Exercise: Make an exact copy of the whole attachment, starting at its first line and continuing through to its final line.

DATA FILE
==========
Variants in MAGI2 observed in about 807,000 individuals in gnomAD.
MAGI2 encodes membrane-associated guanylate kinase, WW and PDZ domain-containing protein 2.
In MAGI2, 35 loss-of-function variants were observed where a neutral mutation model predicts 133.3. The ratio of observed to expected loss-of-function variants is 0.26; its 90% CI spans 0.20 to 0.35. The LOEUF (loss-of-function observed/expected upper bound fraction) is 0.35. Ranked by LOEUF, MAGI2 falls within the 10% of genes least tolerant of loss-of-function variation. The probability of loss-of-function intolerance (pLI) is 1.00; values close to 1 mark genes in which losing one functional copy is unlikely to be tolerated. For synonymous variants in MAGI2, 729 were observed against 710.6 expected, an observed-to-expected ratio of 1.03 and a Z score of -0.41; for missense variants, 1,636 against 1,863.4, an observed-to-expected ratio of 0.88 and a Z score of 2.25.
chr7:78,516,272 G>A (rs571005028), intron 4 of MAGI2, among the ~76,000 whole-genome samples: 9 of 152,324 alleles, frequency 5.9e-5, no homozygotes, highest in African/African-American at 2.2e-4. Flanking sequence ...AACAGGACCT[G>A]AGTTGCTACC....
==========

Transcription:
Variants in MAGI2 observed in about 807,000 individuals in gnomAD.
MAGI2 encodes membrane-associated guanylate kinase, WW and PDZ domain-containing protein 2.
In MAGI2, 35 loss-of-function variants were observed where a neutral mutation model predicts 133.3. The ratio of observed to expected loss-of-function variants is 0.26; its 90% CI spans 0.20 to 0.35. The LOEUF (loss-of-function observed/expected upper bound fraction) is 0.35. Ranked by LOEUF, MAGI2 falls within the 10% of genes least tolerant of loss-of-function variation. The probability of loss-of-function intolerance (pLI) is 1.00; values close to 1 mark genes in which losing one functional copy is unlikely to be tolerated. For synonymous variants in MAGI2, 729 were observed against 710.6 expected, an observed-to-expected ratio of 1.03 and a Z score of -0.41; for missense variants, 1,636 against 1,863.4, an observed-to-expected ratio of 0.88 and a Z score of 2.25.
chr7:78,516,272 G>A (rs571005028), intron 4 of MAGI2, among the ~76,000 whole-genome samples: 9 of 152,324 alleles, frequency 5.9e-5, no homozygotes, highest in African/African-American at 2.2e-4. Flanking sequence ...AACAGGACCT[G>A]AGTTGCTACC....